CHIANG RAI, Thailand (Reuters) - The first four boys rescued from a flooded cave in northern Thailand were in good health and demanding fried rice in hospital on Monday, the head of the rescue team said, as divers resumed operations to bring out the remaining members of the group.
The bid to rescue the boys - aged between 11 and 16 - and their 25-year-old soccer coach got going again after a break late on Sunday to replenish the team’s oxygen supplies and make other preparations deep inside the cave.
The four boys, rescued on Sunday, were flown by helicopter from the Tham Luang cave to the Chiang Rai Prachanukroh hospital, located at the heart of Chiang Rai province, about 70 km (40 miles) away.
A fifth boy was rescued on Monday afternoon, a Royal Thai Navy official said. No other details on him were immediately available.
Seven more boys and the coach are still trapped.
“The four children are fine. The children complained that they were hungry and wanted holy basil stir-fried rice,” Narongsak Osottanakorn, the head of the rescue operation, told reporters on Monday, referring to a popular Thai dish.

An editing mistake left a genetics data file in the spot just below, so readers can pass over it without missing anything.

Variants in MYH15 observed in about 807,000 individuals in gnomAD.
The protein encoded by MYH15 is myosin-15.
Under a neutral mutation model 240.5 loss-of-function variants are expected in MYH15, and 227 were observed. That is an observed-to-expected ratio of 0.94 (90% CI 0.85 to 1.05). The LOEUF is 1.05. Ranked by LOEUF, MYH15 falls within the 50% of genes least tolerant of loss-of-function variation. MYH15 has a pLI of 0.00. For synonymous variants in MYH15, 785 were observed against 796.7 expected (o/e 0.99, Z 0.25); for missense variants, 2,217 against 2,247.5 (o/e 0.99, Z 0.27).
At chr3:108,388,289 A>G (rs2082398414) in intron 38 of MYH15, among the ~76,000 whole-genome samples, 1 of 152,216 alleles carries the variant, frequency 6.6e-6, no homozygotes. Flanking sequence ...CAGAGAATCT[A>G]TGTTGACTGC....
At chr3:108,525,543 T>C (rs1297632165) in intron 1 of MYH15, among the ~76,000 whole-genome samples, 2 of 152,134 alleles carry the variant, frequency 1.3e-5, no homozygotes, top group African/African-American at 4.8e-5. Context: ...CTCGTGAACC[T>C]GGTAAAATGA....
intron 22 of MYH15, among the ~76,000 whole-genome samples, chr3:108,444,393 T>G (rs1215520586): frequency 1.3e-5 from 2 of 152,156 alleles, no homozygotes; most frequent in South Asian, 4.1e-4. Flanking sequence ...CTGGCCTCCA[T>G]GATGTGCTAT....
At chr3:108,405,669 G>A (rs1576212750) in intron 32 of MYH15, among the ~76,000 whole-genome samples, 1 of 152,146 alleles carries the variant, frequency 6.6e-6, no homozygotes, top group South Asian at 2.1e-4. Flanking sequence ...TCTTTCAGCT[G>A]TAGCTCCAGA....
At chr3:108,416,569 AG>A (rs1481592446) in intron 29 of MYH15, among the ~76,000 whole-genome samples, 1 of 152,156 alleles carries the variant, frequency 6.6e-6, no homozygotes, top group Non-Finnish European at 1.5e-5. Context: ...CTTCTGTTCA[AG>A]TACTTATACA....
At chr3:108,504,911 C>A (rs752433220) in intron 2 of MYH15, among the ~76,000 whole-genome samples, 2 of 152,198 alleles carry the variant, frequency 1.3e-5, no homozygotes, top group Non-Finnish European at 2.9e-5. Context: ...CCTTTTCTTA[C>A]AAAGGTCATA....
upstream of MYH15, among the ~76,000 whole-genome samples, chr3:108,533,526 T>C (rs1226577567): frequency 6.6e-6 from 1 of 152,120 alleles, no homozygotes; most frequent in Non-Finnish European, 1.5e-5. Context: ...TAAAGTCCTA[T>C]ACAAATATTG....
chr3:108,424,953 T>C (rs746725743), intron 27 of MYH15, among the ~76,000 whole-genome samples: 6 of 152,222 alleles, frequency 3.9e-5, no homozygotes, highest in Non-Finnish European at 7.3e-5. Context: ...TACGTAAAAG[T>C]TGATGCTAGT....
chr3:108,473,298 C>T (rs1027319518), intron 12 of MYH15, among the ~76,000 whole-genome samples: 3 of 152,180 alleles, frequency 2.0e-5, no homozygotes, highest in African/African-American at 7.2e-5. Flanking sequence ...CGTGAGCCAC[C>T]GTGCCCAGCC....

Interior Minister Anupong Paochinda also said the boys were in good health. He did not give further details.
Officials have yet to confirm the identities of the four boys freed. Narongsak on Monday said their identities were being protected out of respect for the families of those still trapped inside the cave.
Officials last week said they would bring the fittest people in the group out first, but Narongsak later said that whoever was ready first would be escorted out.
A source involved in the rescue mission who saw two of the four boys walk out of the cave told Reuters that they looked tired but healthy, adding that one even looked “vivacious and fresh”. He did not give further details.
“Imagine marathon runners. It’s like when they reach the finish line exhausted,” said the source.
At the hospital in Chiang Rai, green canvas sheets had been put up to block the entrance from view.
Ambulances were on standby to receive the next batch of boys who are expected to be plucked from the cave.
Medical staff involved in the rescue mission told Reuters their first assessments when the boys arrive at the hospital will focus on their breathing, signs of hypothermia and an airborne lung infection known as ‘cave disease’ which is caused by bat and bird droppings and can be fatal if untreated and allowed to spread to other parts of the body.
The first four rescued boys have been placed in a ward set aside specifically for the cave rescue, a source at the hospital said.
Additional reporting by Panu Wongcha-um; Editing by Amy Sawitta Lefevre and Raju Gopalakrishnan